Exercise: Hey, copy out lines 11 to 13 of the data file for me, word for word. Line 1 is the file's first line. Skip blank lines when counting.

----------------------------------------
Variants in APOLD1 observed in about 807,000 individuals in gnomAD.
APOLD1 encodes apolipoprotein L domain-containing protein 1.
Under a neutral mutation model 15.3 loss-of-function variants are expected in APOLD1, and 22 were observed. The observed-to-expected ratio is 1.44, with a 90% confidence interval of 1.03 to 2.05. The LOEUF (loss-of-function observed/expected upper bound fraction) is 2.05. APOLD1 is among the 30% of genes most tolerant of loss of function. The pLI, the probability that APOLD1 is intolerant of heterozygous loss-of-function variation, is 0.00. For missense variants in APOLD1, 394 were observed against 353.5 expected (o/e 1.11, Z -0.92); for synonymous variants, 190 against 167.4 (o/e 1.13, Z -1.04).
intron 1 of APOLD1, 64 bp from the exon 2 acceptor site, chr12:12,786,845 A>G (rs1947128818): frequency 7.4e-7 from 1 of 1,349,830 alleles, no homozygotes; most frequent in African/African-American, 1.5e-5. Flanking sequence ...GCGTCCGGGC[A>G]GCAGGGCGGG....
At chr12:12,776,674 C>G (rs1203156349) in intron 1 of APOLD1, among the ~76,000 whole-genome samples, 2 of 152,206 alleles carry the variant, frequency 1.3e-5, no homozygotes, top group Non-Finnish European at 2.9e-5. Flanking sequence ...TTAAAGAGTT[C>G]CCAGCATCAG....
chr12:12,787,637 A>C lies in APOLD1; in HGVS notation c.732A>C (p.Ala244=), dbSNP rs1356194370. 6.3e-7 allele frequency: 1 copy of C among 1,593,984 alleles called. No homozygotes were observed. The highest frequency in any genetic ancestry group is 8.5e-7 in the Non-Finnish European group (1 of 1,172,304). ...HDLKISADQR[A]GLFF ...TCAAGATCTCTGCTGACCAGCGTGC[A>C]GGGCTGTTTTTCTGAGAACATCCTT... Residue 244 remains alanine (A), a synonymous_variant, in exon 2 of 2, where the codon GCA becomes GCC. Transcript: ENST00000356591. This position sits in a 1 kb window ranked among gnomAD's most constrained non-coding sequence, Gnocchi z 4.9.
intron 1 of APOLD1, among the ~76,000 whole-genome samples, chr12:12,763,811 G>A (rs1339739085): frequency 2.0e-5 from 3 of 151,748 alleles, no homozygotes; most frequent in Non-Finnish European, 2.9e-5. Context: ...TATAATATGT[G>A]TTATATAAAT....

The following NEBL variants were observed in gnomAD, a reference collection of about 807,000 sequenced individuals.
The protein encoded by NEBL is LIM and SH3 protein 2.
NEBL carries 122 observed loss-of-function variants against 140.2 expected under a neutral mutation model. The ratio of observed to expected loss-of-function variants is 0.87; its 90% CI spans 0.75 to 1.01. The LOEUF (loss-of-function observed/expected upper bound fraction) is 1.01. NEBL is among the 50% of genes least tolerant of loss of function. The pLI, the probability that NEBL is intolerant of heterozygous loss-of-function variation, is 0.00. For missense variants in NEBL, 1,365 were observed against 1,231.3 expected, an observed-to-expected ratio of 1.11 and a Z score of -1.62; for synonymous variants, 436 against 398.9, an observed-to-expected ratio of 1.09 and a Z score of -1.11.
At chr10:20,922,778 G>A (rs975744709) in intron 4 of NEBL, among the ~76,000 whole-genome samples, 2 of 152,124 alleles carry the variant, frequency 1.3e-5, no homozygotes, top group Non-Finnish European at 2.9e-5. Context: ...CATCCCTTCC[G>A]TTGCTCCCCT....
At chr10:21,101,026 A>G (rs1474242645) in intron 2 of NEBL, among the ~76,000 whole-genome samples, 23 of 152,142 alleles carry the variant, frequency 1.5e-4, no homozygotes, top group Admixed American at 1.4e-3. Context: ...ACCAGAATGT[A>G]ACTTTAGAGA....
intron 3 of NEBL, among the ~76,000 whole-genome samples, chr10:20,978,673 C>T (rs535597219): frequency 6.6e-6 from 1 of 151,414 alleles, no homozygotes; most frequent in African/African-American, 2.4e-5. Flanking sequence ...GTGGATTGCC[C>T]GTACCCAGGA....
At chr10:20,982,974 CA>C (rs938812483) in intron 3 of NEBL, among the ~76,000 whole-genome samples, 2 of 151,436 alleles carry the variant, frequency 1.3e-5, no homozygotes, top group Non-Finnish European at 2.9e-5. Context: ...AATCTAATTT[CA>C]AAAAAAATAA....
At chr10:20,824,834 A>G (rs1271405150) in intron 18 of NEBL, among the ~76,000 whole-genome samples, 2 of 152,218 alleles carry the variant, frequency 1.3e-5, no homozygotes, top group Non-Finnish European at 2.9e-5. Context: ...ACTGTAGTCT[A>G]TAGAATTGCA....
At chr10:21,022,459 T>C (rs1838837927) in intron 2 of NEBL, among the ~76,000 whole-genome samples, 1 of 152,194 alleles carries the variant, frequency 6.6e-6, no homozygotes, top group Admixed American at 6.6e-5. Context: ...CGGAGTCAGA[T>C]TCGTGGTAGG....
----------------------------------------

At chr10:20,922,778 G>A (rs975744709) in intron 4 of NEBL, among the ~76,000 whole-genome samples, 2 of 152,124 alleles carry the variant, frequency 1.3e-5, no homozygotes, top group Non-Finnish European at 2.9e-5. Context: ...CATCCCTTCC[G>A]TTGCTCCCCT....
At chr10:21,101,026 A>G (rs1474242645) in intron 2 of NEBL, among the ~76,000 whole-genome samples, 23 of 152,142 alleles carry the variant, frequency 1.5e-4, no homozygotes, top group Admixed American at 1.4e-3. Context: ...ACCAGAATGT[A>G]ACTTTAGAGA....
intron 3 of NEBL, among the ~76,000 whole-genome samples, chr10:20,978,673 C>T (rs535597219): frequency 6.6e-6 from 1 of 151,414 alleles, no homozygotes; most frequent in African/African-American, 2.4e-5. Flanking sequence ...GTGGATTGCC[C>T]GTACCCAGGA....